Image depicting a colourful tree shaped like pie charts.

What are the pros and cons of real estate?


  • Tangible
  • You can choose between hands-on and hands-off management
  • When you pay a professional management fee, it can be used as a taxable write-off against the rental income earned (consult a tax professional)
  • You can refinance the accrued equity


  • Risk of physical damage
  • Higher minimum to enter and with rentals you should budget for potential vacancy of one to two months per year

What are the pros and cons of market investments?


  • Mostly liquid, easy to buy and sell (which could be a detriment if you panic during volatile times and sell out of fear vs. sticking to a plan)
  • With professionally managed portfolios, money is actively looked after full-time, can have automatic rebalancing and effective diversification. Depending on your circumstances, certain fees can be used as a taxable write-off against the investment income earned (consult a tax professional)
  • Hands-off approach (unless you choose to manage a self-directed account)
  • Low minimum required to enter


  • Intangible
  • Like with real estate: if professionally managed, fees are still ongoing during short- to mid-term volatility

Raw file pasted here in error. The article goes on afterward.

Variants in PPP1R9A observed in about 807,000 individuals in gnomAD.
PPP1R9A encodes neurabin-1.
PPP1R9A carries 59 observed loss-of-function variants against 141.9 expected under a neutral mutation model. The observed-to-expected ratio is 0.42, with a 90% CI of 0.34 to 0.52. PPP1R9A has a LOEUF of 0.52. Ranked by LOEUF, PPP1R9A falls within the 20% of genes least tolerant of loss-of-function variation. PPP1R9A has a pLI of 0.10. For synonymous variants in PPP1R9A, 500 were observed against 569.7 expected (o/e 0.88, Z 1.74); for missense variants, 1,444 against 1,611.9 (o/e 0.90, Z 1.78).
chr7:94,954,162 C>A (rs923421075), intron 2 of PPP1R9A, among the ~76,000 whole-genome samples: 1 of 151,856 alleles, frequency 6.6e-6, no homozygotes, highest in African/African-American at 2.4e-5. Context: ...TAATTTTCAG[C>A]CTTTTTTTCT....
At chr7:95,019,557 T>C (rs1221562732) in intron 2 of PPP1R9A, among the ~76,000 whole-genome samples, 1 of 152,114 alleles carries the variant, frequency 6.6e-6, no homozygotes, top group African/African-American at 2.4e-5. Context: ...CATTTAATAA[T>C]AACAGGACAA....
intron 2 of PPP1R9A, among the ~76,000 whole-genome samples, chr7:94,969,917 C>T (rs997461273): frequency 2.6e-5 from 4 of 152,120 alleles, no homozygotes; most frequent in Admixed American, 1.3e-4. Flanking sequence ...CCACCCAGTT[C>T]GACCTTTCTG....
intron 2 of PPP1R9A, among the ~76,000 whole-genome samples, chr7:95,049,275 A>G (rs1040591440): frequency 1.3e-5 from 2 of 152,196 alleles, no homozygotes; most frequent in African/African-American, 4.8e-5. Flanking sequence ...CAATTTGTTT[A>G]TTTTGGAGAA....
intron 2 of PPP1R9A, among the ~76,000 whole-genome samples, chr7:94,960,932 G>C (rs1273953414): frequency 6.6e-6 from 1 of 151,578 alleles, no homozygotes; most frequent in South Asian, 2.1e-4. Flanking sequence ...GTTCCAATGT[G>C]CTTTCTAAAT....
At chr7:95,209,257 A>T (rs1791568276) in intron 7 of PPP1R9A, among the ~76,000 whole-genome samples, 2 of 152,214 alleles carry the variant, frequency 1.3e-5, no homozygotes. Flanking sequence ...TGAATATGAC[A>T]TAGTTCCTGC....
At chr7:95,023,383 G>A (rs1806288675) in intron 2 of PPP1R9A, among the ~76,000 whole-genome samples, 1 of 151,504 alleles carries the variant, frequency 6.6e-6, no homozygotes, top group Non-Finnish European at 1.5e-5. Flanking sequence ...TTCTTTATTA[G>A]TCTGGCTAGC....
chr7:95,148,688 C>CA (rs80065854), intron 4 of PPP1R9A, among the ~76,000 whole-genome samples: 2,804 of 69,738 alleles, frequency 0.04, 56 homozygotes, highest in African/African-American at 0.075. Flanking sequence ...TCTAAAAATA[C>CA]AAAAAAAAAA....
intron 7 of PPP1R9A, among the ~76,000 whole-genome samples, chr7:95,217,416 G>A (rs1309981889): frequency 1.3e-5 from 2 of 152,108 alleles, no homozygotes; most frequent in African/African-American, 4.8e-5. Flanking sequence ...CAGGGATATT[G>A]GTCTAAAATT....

Is now a good time to invest in either? This really depends on your unique circumstances. Speak to your financial advisor to weigh the pros and cons of each option. There is always an opportunity to improve your overall investment portfolio. “Being able to evaluate the alternatives and make a well-informed decision is the key,” says Troyanovska.

Servus Wealth Strategies Ltd. is a subsidiary of Servus Credit Union Ltd. offering financial planning, life insurance and investments. Mutual funds, other securities and related financial planning services are offered through Credential Securities. Credential Securities is a division of Credential Qtrade Securities Inc. Credential Securities is a registered mark owned by Aviso Wealth Inc. Financial planning services are only available from advisors who hold a financial planning accreditation through applicable regulatory authorities.

The information contained in this article was obtained from sources believed to be reliable; however, we cannot guarantee that it is accurate or complete. This article is provided as a general source of information and should not be considered personal investment advice or a solicitation to buy or sell any mutual funds and other securities.